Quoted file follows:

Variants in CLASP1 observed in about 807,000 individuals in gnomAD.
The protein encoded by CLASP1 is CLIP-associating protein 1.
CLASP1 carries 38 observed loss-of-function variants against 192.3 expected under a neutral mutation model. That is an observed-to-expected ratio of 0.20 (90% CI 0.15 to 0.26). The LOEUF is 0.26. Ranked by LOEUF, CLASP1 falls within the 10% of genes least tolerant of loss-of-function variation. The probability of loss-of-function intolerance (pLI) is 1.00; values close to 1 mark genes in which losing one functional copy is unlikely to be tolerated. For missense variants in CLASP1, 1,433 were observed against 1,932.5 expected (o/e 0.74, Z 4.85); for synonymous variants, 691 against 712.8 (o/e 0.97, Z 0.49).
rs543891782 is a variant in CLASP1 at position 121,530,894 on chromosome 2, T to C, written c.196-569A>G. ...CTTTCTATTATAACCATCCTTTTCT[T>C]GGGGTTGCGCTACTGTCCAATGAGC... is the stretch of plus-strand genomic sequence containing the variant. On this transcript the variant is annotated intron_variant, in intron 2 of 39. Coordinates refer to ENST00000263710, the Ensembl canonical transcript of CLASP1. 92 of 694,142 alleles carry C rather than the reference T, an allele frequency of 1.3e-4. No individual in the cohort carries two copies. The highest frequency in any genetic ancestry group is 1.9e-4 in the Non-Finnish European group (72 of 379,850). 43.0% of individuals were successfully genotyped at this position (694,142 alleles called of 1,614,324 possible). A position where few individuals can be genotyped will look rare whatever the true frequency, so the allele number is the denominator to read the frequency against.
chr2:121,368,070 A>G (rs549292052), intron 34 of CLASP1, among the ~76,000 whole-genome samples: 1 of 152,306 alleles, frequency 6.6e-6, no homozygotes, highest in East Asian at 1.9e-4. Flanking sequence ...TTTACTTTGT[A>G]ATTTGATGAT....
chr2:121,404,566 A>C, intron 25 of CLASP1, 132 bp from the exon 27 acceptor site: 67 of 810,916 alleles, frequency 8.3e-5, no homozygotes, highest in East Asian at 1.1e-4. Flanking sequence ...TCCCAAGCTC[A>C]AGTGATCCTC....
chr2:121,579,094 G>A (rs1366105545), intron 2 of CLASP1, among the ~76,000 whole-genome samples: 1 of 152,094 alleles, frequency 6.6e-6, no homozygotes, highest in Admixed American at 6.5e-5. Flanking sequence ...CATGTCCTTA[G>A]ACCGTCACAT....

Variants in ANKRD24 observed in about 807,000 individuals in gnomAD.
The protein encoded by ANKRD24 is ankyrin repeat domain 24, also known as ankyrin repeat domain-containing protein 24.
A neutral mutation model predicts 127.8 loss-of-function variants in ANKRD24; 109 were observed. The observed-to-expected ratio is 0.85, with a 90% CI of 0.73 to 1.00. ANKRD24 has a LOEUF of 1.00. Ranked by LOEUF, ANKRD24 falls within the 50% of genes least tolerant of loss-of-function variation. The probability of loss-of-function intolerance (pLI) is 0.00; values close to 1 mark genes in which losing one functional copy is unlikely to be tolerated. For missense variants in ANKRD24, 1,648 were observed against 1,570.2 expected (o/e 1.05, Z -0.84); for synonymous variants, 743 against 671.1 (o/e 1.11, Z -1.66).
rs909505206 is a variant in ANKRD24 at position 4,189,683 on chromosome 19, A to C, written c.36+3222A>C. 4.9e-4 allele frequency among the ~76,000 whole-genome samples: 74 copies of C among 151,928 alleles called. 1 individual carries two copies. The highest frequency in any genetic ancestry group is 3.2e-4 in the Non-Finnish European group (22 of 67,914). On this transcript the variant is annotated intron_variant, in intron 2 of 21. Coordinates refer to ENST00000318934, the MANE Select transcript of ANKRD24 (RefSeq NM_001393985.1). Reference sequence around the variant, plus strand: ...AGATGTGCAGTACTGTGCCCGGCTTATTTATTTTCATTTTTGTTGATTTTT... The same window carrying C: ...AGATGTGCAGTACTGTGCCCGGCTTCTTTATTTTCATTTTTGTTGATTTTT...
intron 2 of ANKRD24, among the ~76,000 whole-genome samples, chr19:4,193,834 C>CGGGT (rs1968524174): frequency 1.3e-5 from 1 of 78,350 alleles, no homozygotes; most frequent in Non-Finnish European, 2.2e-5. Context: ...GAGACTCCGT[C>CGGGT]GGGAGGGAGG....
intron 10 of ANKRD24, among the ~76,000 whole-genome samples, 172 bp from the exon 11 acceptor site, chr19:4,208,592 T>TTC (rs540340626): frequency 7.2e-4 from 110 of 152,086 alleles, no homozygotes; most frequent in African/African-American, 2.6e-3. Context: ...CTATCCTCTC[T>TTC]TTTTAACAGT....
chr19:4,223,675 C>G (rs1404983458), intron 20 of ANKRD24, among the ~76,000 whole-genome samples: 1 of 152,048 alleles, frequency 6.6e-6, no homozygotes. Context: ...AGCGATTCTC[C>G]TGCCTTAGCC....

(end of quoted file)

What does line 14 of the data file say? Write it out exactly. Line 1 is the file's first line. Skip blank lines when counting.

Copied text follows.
chr19:4,223,675 C>G (rs1404983458), intron 20 of ANKRD24, among the ~76,000 whole-genome samples: 1 of 152,048 alleles, frequency 6.6e-6, no homozygotes. Context: ...AGCGATTCTC[C>G]TGCCTTAGCC....